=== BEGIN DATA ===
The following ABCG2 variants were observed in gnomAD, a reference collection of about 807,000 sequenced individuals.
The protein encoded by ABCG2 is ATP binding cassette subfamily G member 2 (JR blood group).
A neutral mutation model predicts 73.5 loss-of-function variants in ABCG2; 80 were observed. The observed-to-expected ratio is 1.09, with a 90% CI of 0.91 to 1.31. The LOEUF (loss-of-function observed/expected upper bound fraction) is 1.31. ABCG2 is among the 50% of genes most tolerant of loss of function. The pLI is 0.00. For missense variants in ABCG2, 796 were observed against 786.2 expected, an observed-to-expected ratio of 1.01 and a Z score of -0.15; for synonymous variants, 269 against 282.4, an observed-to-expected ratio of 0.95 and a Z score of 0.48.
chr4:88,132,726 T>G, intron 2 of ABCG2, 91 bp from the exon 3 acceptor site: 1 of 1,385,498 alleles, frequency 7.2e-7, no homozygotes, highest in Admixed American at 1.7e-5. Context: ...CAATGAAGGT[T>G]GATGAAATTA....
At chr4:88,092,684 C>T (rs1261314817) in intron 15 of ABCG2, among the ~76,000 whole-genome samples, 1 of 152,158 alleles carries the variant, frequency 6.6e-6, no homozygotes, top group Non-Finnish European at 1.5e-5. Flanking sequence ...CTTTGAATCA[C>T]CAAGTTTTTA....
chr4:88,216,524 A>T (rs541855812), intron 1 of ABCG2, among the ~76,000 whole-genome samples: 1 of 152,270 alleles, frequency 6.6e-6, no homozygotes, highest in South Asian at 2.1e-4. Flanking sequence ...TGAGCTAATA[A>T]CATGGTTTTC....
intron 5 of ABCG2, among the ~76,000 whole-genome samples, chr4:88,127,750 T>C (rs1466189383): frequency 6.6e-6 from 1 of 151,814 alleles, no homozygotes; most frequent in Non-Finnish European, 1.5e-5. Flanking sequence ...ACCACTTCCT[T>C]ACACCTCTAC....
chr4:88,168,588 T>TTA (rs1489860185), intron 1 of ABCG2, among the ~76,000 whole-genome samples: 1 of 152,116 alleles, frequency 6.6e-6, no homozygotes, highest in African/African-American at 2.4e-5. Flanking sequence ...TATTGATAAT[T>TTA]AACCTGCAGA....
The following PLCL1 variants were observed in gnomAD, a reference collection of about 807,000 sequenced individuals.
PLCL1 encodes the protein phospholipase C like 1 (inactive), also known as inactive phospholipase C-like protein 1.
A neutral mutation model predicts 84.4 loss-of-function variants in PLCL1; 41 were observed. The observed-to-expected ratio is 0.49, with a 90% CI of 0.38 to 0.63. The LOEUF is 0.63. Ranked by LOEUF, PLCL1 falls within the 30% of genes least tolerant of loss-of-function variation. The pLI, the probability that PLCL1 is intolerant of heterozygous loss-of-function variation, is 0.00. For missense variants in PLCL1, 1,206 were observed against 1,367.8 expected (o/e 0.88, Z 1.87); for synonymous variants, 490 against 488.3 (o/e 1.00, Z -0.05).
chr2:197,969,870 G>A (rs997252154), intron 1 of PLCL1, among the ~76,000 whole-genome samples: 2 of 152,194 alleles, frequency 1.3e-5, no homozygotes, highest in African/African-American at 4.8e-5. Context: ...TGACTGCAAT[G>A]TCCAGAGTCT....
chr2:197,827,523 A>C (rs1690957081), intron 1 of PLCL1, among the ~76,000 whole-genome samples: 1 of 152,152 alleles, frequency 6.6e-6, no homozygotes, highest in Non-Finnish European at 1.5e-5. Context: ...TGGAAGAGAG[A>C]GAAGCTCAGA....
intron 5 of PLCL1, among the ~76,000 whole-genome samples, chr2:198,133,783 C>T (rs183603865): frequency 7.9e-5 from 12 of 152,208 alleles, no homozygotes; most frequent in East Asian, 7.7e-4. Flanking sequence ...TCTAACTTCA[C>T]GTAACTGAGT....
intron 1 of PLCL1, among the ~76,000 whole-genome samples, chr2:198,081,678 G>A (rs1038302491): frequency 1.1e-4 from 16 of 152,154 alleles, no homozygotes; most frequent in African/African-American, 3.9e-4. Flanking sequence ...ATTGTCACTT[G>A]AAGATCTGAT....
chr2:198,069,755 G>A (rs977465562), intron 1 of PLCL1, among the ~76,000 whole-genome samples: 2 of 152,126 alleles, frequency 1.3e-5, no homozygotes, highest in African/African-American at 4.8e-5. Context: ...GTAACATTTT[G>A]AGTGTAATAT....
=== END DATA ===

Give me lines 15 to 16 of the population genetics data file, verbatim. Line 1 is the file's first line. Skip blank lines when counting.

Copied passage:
intron 1 of PLCL1, among the ~76,000 whole-genome samples, chr2:198,081,678 G>A (rs1038302491): frequency 1.1e-4 from 16 of 152,154 alleles, no homozygotes; most frequent in African/African-American, 3.9e-4. Flanking sequence ...ATTGTCACTT[G>A]AAGATCTGAT....
chr2:198,069,755 G>A (rs977465562), intron 1 of PLCL1, among the ~76,000 whole-genome samples: 2 of 152,126 alleles, frequency 1.3e-5, no homozygotes, highest in African/African-American at 4.8e-5. Context: ...GTAACATTTT[G>A]AGTGTAATAT....